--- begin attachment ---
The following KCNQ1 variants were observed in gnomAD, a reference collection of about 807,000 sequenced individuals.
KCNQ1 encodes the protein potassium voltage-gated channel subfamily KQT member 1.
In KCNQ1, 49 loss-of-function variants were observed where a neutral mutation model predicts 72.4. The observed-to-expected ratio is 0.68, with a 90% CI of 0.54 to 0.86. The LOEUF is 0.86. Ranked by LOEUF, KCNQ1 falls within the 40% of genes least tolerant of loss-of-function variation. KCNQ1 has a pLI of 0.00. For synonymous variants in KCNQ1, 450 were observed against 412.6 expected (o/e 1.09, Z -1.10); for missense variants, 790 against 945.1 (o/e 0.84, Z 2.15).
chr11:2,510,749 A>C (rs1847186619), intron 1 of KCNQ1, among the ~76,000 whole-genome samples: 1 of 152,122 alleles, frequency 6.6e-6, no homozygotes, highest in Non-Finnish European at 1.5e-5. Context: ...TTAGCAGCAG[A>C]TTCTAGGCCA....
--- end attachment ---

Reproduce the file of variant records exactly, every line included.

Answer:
The following KCNQ1 variants were observed in gnomAD, a reference collection of about 807,000 sequenced individuals.
KCNQ1 encodes the protein potassium voltage-gated channel subfamily KQT member 1.
In KCNQ1, 49 loss-of-function variants were observed where a neutral mutation model predicts 72.4. The observed-to-expected ratio is 0.68, with a 90% CI of 0.54 to 0.86. The LOEUF is 0.86. Ranked by LOEUF, KCNQ1 falls within the 40% of genes least tolerant of loss-of-function variation. KCNQ1 has a pLI of 0.00. For synonymous variants in KCNQ1, 450 were observed against 412.6 expected (o/e 1.09, Z -1.10); for missense variants, 790 against 945.1 (o/e 0.84, Z 2.15).
chr11:2,510,749 A>C (rs1847186619), intron 1 of KCNQ1, among the ~76,000 whole-genome samples: 1 of 152,122 alleles, frequency 6.6e-6, no homozygotes, highest in Non-Finnish European at 1.5e-5. Context: ...TTAGCAGCAG[A>C]TTCTAGGCCA....